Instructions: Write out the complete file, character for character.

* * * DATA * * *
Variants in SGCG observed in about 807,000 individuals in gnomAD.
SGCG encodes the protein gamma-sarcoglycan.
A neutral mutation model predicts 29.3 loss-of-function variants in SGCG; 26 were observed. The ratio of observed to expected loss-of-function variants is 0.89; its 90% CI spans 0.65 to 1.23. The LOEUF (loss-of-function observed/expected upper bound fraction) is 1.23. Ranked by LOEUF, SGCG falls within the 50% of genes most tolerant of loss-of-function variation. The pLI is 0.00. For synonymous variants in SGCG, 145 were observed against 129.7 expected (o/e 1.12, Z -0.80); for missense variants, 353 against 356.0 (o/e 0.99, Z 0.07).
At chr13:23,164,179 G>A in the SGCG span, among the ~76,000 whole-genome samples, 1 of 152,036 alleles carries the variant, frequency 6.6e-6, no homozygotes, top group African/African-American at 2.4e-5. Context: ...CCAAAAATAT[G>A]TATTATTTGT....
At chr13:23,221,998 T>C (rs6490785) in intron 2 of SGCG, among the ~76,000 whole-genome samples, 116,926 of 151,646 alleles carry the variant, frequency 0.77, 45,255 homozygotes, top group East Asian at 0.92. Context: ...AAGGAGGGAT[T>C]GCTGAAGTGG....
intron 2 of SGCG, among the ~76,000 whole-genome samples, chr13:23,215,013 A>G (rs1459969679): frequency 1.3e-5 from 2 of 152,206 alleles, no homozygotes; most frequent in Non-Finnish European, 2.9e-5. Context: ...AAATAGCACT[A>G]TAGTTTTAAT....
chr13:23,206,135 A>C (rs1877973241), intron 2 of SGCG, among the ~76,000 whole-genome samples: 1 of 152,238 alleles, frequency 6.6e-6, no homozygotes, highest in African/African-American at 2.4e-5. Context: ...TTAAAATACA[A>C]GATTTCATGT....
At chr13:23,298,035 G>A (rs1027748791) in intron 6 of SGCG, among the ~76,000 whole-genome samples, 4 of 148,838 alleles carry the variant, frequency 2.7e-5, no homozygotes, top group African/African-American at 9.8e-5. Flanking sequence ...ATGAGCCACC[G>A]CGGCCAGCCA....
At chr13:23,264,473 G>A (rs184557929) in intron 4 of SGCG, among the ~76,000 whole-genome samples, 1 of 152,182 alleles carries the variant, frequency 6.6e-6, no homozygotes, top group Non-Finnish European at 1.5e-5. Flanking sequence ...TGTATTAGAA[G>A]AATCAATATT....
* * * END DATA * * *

Variants in SGCG observed in about 807,000 individuals in gnomAD.
SGCG encodes the protein gamma-sarcoglycan.
A neutral mutation model predicts 29.3 loss-of-function variants in SGCG; 26 were observed. The ratio of observed to expected loss-of-function variants is 0.89; its 90% CI spans 0.65 to 1.23. The LOEUF (loss-of-function observed/expected upper bound fraction) is 1.23. Ranked by LOEUF, SGCG falls within the 50% of genes most tolerant of loss-of-function variation. The pLI is 0.00. For synonymous variants in SGCG, 145 were observed against 129.7 expected (o/e 1.12, Z -0.80); for missense variants, 353 against 356.0 (o/e 0.99, Z 0.07).
At chr13:23,164,179 G>A in the SGCG span, among the ~76,000 whole-genome samples, 1 of 152,036 alleles carries the variant, frequency 6.6e-6, no homozygotes, top group African/African-American at 2.4e-5. Context: ...CCAAAAATAT[G>A]TATTATTTGT....
At chr13:23,221,998 T>C (rs6490785) in intron 2 of SGCG, among the ~76,000 whole-genome samples, 116,926 of 151,646 alleles carry the variant, frequency 0.77, 45,255 homozygotes, top group East Asian at 0.92. Context: ...AAGGAGGGAT[T>C]GCTGAAGTGG....
intron 2 of SGCG, among the ~76,000 whole-genome samples, chr13:23,215,013 A>G (rs1459969679): frequency 1.3e-5 from 2 of 152,206 alleles, no homozygotes; most frequent in Non-Finnish European, 2.9e-5. Context: ...AAATAGCACT[A>G]TAGTTTTAAT....
chr13:23,206,135 A>C (rs1877973241), intron 2 of SGCG, among the ~76,000 whole-genome samples: 1 of 152,238 alleles, frequency 6.6e-6, no homozygotes, highest in African/African-American at 2.4e-5. Context: ...TTAAAATACA[A>C]GATTTCATGT....
At chr13:23,298,035 G>A (rs1027748791) in intron 6 of SGCG, among the ~76,000 whole-genome samples, 4 of 148,838 alleles carry the variant, frequency 2.7e-5, no homozygotes, top group African/African-American at 9.8e-5. Flanking sequence ...ATGAGCCACC[G>A]CGGCCAGCCA....
At chr13:23,264,473 G>A (rs184557929) in intron 4 of SGCG, among the ~76,000 whole-genome samples, 1 of 152,182 alleles carries the variant, frequency 6.6e-6, no homozygotes, top group Non-Finnish European at 1.5e-5. Flanking sequence ...TGTATTAGAA[G>A]AATCAATATT....